In years that followed, congressional hearings were held, state task forces were convened and city committees were formed. Research dollars were allotted as well. But those were the 1980s, when Ronald Reagan was president, and despite the fact that embryonic stem cell research had been conducted in the U.S. since the middle of the 20th century, contributing to such wonders as vaccines for both rubella and polio, it was rebranded and became strongly associated with abortion. In the years that followed, despite the well-known fact that stem cell research was the most promising path to finding cures for Alzheimer's, Parkinson's, diabetes, multiple sclerosis and other diseases, this country allowed the personal beliefs of the anti-abortion forces to become public policy. And that lasted a very long time.
The great art of political compromise is a fundamental part of our representative government. Deals are made in which one side cashes in some influence in order to move something along. This is what apparently happened last month, and shortly afterward, White House spokesman Reid Cherlin announced that President Barack Obama had "directed (the National Institutes of Health) to formulate the best method for moving forward with stem cell research, both ethically and scientifically."
In his grand exchange, the president traded away an essential piece of what he had only recently said he believed. When he campaigned, Obama said he supported the "therapeutic cloning of stem cells." But as president, he has already traded that position for one that some see as more politically realistic. Under the compromise, the president proposed that federal dollars be allowed to pay only for research on stem cell lines created from surplus fertility clinic embryos, but that funds continue to be barred from stem cell lines created in the laboratory to study particular diseases. Also barred is financial support for creating new, genetically matched stem cells for use in the treatment of disease. That is the very "therapeutic cloning" research that the president once supported.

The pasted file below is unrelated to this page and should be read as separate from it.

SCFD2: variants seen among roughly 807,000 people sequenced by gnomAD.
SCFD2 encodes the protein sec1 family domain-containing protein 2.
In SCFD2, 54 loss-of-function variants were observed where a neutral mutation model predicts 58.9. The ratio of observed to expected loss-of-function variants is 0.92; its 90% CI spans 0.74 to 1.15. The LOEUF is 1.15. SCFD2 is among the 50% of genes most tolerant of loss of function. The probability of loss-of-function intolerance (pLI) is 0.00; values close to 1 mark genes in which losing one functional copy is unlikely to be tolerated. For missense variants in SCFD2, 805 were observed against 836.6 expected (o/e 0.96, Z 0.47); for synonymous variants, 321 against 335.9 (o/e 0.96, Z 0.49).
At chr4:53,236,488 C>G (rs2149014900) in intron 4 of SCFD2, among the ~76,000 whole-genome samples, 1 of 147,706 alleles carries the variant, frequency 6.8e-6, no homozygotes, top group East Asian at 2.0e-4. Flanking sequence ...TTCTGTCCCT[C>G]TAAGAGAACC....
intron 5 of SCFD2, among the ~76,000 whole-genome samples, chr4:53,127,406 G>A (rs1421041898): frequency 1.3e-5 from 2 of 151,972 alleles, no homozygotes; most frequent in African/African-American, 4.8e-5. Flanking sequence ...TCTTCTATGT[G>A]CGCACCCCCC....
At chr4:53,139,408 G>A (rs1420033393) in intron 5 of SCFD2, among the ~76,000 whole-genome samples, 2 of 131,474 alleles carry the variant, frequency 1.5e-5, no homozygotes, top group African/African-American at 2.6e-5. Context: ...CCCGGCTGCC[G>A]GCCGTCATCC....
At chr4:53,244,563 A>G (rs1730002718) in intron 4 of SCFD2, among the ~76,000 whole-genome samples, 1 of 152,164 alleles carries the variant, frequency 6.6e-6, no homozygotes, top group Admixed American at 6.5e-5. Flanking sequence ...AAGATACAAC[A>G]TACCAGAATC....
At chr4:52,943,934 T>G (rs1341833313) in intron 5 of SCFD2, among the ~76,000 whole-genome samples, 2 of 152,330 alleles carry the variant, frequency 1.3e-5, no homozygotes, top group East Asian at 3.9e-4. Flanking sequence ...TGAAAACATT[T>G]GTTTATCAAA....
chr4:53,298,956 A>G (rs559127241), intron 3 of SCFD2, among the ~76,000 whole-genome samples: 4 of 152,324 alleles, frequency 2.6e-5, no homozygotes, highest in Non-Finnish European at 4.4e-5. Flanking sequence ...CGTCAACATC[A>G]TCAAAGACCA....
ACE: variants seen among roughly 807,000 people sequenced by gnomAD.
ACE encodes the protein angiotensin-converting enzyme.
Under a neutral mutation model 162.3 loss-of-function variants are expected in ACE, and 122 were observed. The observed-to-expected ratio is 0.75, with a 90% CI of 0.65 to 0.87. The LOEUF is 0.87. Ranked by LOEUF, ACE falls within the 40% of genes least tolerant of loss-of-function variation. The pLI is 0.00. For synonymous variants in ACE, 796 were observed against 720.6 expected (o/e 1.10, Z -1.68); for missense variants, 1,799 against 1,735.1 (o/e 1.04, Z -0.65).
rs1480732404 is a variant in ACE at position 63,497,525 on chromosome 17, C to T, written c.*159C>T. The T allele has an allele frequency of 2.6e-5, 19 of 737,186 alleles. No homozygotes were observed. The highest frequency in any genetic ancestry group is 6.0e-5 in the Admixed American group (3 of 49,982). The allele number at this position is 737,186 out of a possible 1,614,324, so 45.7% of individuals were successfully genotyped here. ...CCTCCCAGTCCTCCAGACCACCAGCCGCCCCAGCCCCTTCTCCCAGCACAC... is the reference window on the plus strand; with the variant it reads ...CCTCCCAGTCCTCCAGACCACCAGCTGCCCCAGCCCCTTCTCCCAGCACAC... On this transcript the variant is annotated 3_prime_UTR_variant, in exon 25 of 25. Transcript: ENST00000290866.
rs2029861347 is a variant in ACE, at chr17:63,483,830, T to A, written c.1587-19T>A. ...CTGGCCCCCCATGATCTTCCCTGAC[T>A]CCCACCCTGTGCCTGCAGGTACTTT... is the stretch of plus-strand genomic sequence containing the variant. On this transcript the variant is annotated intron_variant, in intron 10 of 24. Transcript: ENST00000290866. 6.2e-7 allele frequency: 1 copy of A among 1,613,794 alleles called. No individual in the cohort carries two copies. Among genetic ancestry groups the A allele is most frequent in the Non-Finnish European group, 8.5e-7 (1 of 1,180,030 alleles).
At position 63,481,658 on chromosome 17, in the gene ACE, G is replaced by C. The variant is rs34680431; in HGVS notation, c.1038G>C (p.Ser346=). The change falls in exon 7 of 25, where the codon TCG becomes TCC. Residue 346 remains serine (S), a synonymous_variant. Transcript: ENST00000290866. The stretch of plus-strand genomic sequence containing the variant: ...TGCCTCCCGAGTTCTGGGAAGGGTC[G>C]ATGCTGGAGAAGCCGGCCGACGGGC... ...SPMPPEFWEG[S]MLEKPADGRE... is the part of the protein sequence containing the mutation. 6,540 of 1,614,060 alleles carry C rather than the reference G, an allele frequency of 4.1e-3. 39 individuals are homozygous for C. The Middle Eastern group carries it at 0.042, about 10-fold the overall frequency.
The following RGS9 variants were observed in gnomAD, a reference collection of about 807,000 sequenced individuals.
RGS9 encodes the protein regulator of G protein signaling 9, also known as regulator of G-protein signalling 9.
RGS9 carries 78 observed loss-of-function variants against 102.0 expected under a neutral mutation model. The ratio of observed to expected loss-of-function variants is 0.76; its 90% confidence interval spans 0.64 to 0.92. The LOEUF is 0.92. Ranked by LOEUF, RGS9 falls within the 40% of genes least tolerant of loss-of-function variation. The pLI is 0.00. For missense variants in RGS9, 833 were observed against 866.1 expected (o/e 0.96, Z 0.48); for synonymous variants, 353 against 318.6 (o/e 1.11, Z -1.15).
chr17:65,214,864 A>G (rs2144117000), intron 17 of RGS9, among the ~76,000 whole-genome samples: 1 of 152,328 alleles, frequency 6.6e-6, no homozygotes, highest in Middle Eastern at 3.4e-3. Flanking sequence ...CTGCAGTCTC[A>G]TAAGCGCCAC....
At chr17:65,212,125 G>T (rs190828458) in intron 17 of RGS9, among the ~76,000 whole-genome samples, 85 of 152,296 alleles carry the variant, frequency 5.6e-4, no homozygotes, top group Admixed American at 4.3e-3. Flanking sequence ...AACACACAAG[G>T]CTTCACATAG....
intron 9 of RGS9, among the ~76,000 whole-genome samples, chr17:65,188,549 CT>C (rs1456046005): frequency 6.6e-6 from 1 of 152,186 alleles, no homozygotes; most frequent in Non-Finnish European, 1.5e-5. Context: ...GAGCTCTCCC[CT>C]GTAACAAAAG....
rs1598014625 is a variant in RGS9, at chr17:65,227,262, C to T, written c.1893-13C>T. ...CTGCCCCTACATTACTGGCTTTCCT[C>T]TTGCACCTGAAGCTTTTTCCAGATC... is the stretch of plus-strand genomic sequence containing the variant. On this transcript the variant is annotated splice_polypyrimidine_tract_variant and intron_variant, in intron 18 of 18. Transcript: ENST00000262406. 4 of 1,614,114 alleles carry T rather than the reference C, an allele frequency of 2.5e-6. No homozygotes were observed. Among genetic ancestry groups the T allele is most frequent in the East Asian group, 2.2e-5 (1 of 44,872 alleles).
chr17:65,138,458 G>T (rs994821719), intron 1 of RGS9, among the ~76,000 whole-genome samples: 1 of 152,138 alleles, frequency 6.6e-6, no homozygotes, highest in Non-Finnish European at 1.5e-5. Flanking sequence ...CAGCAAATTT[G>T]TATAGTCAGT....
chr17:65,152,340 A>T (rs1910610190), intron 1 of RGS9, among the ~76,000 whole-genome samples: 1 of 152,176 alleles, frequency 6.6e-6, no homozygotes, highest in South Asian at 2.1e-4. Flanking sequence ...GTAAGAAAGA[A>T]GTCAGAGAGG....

After the president issued his executive order, many scientists shrugged; it was, they said, the compromise they'd expected.
I understand the value of a good trade, but I don't see what makes this one worthwhile. Every American, everybody everywhere, ought to support all possible efforts to find a cure for Alzheimer's disease. My mother was one of 4.5 million Americans with it; today there are 5.3 million, and by 2050, experts project 16 million American Alzheimer's patients, a surge that can be attributed partly to longer life spans and partly to increased diagnosis. Worldwide, 26.6 million people have it.
My family paid for home care with an exchange of goods; Medicaid paid for the next eight years of care in the nursing home, where my mother died at 64. Today, out-of-pocket costs for families caring for those with Alzheimer's and the other dementias are triple what they are for other illnesses, and the yearly cost to the U.S. economy is now at $148 billion. Every 70 seconds, someone develops the disease.
Years ago, as my sister began giving me pieces of silver, there again were the long, flat knife handles that I had gently fingered during Thanksgiving dinners, the forks I balanced on the backs of my hands as my parents told stories, the spoons from which I had fed the dog under the table. There was a time when I thought that people were supposed to have silver and china and crystal, and I expected to have them, choosing them at the time of my own wedding. It seemed a tribal currency that was securely in the bank. Merely silver, perhaps, but to me it had been gold bullion, a representation of the standard below which you did not slip.
Then the situation changed, and the flatware would be counted among the least of our losses during that awful time.
Right now, the NIH is formulating the research guidelines for the new stem cell policy and has opened a 30-day public comment period.
Here are mine: Not all trades are equal. Sell your stuff? That's easy. But never hock your values. You can't get those back a piece at a time.
Marion Roach writes for thesisterproject.com.